The Study of Mass Murder and Genocide
ROBERT GELLATELY AND BEN KIERNAN
The twentieth century has been well described as an “age of extremes.”1 There were two world wars, major revolutions, colonial and anticolonial conflicts, and other catastrophes. All too often mass murder of noncombatant civilians marred these conflicts. The murders were usually state-sponsored or officially sanctioned.2 Indeed, by midcentury the pattern struck some scholars as so alarming that they began groping for new words to describe it. The Polish jurist Raphael Lemkin introduced the concept of genocide in a small book published during the Second World War.3 Later he helped prod the United Nations into formulating its Convention on the Prevention and Punishment of the Crime of Genocide in 1948. The convention defined genocide broadly as “acts committed with intent to destroy, in whole or in part, a national, ethnical, racial or religious group.”4 These acts included killing or causing serious bodily or mental harm to members of the group and also deliberately inflicting conditions on a people such as “to bring about its physical destruction in whole or in part.” The convention condemned measures like the prevention of births so that a people would die out and forcible transfer of a group's children to another group. Because the Genocide Convention is a good starting point for discussion of the phenomenon, we analyze both its nature and its implications.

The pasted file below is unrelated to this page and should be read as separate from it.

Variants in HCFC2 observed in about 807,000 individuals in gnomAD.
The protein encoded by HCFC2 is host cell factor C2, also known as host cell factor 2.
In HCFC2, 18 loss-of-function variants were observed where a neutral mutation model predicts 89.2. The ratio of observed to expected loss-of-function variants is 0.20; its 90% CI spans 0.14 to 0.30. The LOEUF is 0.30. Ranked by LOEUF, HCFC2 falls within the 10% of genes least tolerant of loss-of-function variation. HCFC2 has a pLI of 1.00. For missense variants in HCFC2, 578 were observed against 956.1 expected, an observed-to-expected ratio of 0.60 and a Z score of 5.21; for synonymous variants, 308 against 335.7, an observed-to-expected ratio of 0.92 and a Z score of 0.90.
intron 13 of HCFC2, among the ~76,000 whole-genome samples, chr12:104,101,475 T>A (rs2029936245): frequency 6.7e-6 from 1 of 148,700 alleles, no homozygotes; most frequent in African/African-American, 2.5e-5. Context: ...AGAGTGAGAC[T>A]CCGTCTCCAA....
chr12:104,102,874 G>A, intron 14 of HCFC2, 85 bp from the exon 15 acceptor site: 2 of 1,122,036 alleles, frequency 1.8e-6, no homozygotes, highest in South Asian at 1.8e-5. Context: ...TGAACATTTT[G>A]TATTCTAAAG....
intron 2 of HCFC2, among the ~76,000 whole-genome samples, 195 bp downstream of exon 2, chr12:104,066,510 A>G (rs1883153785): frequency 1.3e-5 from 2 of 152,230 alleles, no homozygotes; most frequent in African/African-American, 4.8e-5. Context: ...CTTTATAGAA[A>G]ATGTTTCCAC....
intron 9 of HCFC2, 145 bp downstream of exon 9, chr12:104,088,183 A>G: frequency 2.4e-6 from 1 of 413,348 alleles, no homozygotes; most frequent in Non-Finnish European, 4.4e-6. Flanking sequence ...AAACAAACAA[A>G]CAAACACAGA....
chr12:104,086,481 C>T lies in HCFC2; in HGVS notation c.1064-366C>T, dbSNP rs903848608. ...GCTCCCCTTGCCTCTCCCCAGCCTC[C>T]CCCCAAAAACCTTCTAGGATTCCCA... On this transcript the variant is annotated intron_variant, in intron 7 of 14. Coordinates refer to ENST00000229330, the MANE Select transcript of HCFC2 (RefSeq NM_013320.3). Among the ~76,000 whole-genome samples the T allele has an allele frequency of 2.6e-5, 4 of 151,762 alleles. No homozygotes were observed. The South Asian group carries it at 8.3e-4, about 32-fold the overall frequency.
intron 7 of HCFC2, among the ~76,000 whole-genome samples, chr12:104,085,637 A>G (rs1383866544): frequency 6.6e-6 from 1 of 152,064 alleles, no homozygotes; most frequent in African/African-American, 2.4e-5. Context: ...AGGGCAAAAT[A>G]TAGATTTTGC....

In 1945–46 the victorious Allies convened the International Military Tribunal at Nuremberg. These trials were partly justified in law as setting the precedent of holding leaders and other perpetrators responsible for crimes against humanity and war crimes. At about the same time, the____________________